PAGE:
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The pink running shoes: daily life on ISS

This post was born as a response to a question sent in by Carla regarding how female astronauts deal with their menstrual cycle during long duration mission in space. There are no rules that require or, on the contrary, prohibit to suppress the menstrual cycle during a space mission. To tell you the truth not even mere recommendations exist: every astronaut decides freely according to their preference. It is of course a good idea to inform the flight surgeon about the decision; the latter must be familiar with all aspects of the astronaut’s health. Apart from this, it is a completely a personal choice. From what I have heard from my colleagues, I believe that often considerations of practicality make it preferable to choose for pharmacological suppression. It is not, however, any different from what is commonly practiced by many women: those who typically use the “classic” contraceptive pill is in fact already suppressing the menstrual cycle. The bleeding during the week of interruption (or placebo), are not a real period, but a so-called withdrawal bleeding. If you decide instead of having a regular menstrual cycle on board, it’s not a problem. There are stocks of sanitary products onboard and the “bother” is really a minor one: I would not want to change, for example, having to need to shave my face (and maybe even the head) each morning in weightlessness!

 Samantha Cristoforetti

The pink running shoes


Pink shoes, yes. But the ones for astronauts

Shenanigans 2009, the 2009 class of astronauts I am part of consists of myself and five other European professionals from different countries. The ones who see our group photo, usually immediately notice one thing: that I’m the only woman. The case also wanted me to be the first Italian astronaut and this, invariably used by the media as a middle name, generates attention and curiosity. To be honest, being one of the subjects of the photo and not looking at it with the eyes of the public, do not pay much attention to this. Firstly, I would like to clarify something important: there’s really nothing exceptional with this. Many female astronauts have been in space and there is no specific activity nor task, part of this profession, that they could not carry out. No one expects me to prove anything. Secondly, I would like to make it clear that I am interested in other things. I’m an engineer, a military pilot, as well as an astronaut, there is nothing in my background that makes me an expert on gender issues. I do not have a trained eye to capture these aspects, nor the trained mind to reflect about it. In short, it is very unlikely that I have something clever and original to say about it! In any case the curiosity of those who look at the picture remains. Admittedly, I too,  as a young girl, seeing the photos and reading the stories of those who went into space, was particularly fascinated by female astronauts. Maybe because they were a minority, maybe because they were more like me. If I had met them, I think I too would have had some specific questions that I would not have asked their male colleagues. “Pink shoes” (as a section) is dedicated to these questions. To make room for the legitimate curiosity, without “getting out of the photo”.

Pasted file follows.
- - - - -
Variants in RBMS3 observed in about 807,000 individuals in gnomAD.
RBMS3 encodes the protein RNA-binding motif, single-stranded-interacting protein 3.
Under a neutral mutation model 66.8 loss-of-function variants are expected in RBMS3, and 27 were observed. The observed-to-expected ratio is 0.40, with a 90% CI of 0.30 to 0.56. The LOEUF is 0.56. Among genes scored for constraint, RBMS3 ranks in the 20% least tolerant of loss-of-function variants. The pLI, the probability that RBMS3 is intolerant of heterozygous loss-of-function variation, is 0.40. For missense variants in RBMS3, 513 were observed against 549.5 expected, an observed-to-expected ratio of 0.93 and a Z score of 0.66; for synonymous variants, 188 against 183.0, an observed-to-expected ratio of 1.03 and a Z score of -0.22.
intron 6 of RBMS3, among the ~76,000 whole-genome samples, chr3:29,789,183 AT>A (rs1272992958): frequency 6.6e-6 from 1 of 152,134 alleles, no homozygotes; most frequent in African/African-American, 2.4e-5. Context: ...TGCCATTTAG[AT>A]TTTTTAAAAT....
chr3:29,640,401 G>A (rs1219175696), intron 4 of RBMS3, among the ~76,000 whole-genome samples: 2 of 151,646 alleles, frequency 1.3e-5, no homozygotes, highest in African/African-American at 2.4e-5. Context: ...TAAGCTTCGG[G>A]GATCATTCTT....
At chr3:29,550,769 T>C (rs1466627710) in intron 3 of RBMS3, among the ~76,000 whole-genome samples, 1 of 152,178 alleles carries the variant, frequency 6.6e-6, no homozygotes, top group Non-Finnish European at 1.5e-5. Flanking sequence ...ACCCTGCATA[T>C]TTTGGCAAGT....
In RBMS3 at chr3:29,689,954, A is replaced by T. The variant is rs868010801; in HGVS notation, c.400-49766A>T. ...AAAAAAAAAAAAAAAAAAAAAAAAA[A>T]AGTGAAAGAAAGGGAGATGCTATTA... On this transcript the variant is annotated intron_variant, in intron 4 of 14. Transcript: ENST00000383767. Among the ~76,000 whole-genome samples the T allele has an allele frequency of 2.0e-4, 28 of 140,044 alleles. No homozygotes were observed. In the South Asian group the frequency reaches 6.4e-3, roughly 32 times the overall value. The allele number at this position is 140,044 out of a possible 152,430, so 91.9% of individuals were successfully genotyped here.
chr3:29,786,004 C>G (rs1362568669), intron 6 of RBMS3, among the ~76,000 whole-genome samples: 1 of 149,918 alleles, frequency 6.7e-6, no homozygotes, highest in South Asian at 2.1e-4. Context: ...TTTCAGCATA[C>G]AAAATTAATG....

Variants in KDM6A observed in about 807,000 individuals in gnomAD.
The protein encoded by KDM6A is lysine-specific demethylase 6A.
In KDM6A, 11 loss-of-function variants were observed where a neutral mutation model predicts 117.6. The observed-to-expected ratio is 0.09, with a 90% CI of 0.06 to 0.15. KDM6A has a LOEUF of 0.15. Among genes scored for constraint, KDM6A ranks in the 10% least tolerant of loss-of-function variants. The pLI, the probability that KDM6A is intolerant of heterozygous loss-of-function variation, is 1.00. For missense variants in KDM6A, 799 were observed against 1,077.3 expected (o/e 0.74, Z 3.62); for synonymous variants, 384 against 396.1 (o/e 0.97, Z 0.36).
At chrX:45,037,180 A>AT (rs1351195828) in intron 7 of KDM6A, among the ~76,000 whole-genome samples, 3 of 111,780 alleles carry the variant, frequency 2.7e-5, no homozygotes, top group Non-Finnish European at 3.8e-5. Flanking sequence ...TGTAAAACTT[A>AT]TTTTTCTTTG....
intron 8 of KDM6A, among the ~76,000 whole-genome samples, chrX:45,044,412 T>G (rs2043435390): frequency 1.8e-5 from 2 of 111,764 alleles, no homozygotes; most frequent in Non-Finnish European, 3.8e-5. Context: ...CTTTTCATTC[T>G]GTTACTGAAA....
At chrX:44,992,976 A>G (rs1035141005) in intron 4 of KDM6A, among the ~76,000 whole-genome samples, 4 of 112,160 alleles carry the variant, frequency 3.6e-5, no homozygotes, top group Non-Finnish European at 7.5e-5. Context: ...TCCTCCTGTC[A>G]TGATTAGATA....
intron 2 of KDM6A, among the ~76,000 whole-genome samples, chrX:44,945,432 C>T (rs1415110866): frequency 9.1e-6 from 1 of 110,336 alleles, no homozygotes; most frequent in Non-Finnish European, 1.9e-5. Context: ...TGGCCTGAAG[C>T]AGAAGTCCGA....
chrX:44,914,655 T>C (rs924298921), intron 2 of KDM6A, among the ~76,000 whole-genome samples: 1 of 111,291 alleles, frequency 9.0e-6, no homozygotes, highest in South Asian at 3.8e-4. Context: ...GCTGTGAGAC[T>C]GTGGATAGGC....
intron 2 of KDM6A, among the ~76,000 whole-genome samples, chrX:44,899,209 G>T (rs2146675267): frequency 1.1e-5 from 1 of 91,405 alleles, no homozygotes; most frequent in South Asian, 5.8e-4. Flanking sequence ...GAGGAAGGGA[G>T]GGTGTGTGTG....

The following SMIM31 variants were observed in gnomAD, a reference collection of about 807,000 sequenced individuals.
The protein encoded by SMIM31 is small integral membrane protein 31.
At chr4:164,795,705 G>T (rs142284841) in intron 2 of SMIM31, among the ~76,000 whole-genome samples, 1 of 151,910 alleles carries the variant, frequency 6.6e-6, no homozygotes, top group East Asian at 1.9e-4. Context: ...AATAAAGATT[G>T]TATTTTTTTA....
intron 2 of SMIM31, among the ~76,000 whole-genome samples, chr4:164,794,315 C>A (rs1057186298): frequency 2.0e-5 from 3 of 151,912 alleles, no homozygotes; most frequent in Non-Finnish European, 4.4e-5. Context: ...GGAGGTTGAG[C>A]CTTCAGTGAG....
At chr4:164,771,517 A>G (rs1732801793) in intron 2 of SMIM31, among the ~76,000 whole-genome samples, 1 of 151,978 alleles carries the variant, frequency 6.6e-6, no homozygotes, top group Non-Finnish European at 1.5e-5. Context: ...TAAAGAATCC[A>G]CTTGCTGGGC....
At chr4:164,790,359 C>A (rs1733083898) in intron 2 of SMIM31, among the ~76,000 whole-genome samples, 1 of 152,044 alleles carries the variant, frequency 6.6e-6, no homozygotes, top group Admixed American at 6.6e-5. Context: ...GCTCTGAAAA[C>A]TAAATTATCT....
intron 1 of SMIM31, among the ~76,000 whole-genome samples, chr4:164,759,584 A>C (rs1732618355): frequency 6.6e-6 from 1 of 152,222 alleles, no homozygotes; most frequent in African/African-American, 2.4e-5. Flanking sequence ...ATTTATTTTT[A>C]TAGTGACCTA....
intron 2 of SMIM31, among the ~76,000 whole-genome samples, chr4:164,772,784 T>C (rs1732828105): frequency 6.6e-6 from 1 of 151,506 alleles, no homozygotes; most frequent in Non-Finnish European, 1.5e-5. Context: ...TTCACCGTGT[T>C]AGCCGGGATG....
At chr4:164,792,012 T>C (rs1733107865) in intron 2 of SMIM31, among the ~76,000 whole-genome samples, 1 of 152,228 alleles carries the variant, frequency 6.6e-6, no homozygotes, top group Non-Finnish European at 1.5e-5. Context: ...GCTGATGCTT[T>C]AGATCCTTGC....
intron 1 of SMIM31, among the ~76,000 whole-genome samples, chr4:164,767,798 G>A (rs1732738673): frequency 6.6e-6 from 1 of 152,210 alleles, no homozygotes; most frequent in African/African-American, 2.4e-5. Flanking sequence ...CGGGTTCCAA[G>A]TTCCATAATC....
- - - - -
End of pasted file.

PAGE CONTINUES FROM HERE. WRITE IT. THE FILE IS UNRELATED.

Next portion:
The pink running shoes